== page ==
From the Eisner-nominated duo behind the instant bestseller Allergic comes a fun new graphic novel about finding your own space… especially when you're in a family of nine!
Eleven-year-old Avery Lee loves living in Hickory Valley, Maryland. She loves her neighborhood, school, and the end-of-summer fair she always goes to with her two best friends. But she's tired of feeling squished by her six siblings! They're noisy and chaotic and the younger kids love her a little too much. All Avery wants is her own room -- her own space to be alone and make art. So she's furious when Theo, her grumpy older brother, gets his own room instead, and her wild baby brother, Max, moves into the room she already shares with her clinging sister Pearl! Avery hatches a plan to finally get her own room, all while trying to get Max to sleep at night, navigating changes in her friendships, and working on an art entry for the fair. And when Avery finds out that her family might move across the country, things get even more complicated.
Megan Wagner Lloyd and Michelle Mee Nutter have once again teamed up to tell a funny, heartfelt, and charming story of family, friendship, and growing up.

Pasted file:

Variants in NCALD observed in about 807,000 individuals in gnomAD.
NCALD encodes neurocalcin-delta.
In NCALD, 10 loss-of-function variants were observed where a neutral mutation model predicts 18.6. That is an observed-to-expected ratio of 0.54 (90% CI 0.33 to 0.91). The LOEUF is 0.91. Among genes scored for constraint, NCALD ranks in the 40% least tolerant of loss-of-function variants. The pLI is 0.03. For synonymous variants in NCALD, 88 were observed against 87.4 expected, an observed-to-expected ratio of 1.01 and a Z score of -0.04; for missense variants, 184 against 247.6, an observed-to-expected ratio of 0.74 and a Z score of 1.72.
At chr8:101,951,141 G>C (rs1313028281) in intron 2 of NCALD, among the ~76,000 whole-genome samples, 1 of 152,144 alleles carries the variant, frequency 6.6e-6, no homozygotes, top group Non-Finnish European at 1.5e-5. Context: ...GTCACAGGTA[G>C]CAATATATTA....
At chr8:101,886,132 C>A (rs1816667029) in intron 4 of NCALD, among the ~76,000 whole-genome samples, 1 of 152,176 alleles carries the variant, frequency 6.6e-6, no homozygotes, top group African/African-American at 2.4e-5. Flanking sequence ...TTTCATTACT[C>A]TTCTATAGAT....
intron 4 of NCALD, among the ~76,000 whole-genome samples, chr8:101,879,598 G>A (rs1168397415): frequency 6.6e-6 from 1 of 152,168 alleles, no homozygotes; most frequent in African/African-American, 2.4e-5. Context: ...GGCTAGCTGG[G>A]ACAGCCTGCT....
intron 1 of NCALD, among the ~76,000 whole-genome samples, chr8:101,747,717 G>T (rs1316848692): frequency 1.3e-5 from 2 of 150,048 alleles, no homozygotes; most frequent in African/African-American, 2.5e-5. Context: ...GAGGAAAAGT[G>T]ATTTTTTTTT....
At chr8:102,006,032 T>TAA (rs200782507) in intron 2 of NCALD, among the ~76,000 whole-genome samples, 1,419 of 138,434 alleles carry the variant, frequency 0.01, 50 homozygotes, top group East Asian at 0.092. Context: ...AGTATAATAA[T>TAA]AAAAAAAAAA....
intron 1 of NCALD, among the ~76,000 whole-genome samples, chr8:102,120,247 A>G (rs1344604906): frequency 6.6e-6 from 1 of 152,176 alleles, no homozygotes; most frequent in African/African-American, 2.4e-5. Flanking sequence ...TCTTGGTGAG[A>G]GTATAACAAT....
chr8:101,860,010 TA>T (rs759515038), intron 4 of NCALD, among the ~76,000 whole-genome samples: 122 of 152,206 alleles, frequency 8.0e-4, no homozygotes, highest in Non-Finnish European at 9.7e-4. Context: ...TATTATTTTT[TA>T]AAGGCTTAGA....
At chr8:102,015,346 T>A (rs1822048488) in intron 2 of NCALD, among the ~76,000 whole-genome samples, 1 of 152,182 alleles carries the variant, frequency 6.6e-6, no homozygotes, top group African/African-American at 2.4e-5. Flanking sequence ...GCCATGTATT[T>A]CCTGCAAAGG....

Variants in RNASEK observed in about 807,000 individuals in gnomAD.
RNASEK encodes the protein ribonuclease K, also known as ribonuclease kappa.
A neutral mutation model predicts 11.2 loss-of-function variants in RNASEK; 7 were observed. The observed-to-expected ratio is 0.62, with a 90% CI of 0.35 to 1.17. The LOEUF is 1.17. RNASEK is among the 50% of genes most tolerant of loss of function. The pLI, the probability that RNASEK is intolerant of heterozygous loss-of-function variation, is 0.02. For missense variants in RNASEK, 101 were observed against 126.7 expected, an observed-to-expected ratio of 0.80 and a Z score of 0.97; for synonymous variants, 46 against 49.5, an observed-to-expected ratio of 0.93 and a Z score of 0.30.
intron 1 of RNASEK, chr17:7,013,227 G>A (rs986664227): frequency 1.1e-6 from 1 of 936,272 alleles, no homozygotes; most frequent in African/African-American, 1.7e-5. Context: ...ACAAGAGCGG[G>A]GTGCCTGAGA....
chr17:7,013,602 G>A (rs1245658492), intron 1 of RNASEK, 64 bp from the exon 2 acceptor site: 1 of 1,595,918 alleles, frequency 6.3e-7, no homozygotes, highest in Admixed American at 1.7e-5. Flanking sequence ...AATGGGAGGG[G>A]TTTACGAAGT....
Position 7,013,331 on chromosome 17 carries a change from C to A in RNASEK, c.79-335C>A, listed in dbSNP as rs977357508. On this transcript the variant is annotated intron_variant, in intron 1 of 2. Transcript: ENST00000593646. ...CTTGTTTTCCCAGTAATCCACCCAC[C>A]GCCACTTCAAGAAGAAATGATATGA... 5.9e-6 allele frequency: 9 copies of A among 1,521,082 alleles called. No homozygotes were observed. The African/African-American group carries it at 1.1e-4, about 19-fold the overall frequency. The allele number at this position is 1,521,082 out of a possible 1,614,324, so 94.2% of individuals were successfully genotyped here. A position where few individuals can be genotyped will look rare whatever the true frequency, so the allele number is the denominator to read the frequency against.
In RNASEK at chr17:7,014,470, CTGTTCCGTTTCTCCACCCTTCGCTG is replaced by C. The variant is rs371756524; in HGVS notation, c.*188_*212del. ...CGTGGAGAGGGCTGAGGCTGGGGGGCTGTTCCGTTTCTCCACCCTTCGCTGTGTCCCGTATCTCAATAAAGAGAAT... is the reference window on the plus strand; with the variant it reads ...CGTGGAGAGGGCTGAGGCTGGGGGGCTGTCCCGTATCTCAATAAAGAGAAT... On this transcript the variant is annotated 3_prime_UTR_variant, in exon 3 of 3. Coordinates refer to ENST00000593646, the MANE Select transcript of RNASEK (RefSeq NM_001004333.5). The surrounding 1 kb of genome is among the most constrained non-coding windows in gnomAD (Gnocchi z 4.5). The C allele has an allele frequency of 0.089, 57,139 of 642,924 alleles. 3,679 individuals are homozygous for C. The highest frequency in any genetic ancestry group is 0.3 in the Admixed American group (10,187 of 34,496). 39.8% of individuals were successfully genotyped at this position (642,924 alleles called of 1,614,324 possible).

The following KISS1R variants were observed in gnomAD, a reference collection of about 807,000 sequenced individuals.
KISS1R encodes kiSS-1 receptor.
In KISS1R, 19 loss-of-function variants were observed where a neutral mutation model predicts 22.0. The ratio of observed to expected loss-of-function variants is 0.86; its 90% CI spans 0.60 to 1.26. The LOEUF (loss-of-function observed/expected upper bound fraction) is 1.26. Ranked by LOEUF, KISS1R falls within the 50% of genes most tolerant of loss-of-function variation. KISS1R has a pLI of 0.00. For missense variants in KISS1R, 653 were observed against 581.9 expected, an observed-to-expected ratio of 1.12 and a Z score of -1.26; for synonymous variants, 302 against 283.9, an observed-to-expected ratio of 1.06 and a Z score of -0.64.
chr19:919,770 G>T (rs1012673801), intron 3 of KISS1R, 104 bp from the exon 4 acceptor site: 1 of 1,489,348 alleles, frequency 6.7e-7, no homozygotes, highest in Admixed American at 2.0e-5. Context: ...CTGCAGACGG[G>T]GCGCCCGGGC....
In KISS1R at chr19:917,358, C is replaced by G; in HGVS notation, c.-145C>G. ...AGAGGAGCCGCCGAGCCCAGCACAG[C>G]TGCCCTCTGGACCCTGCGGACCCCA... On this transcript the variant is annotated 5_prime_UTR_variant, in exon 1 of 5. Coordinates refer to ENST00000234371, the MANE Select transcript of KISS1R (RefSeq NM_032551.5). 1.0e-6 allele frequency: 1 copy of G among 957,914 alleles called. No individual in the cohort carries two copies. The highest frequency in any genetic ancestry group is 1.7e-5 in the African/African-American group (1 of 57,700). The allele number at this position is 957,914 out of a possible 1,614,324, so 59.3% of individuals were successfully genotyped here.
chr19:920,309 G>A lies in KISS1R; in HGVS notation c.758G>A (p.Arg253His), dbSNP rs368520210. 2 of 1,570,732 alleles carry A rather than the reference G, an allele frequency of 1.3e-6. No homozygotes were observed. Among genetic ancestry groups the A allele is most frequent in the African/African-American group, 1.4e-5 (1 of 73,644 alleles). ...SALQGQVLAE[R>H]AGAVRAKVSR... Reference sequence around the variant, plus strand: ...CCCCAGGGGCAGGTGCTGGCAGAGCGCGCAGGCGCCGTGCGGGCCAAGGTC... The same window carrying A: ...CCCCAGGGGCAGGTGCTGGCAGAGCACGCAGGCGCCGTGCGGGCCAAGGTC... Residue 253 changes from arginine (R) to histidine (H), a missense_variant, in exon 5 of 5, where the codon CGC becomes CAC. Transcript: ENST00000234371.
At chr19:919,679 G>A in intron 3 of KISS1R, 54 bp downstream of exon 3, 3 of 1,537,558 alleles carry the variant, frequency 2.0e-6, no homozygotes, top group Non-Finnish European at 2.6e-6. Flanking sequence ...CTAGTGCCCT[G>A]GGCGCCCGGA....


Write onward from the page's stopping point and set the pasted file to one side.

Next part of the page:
Lloyd and Nutter (Allergic) reteam in this energetic graphic novel, a meditation on adolescence and the strengths and challenges that large families can engender. Eleven-year-old artist Avery Lee is the second oldest child in a boisterous Korean American brood. Being constantly surrounded by mischievous younger siblings and sharing a room with her eight-year-old sister prompts Avery to covet the holy grail: her own room. But when her parents reveal that they're giving her eldest brother, 13-year-old Theo, his own room instead, Avery decides to spend her summer vacation scheming up ways to make money to convert the family basement into her new abode. Dog-walking and lemonade-selling plans veer into chaos when Theo accidentally reveals that their parents are planning to move the family from Maryland to Oregon. Brightly colored landscapes and keen dialogue artfully depict common eldest daughter woes as Avery struggles with being the de facto caretaker of her siblings. The creators instill Avery with a strong sense of self that both buoys her mercurial familial relationships and imbues them with authentic, empathetic conflicts. It's this verisimilitude—suffused with many tears, laughs, and sobering moments—that shapes the core of this heartwarming jaunt. Ages 8–12.
It was fun to read! But I feel like it was a little incomplete because we never found out why Avery’s older brother got bullied by his friend or why Avery’s friend was kinda leaving her out. But other then that I was nice!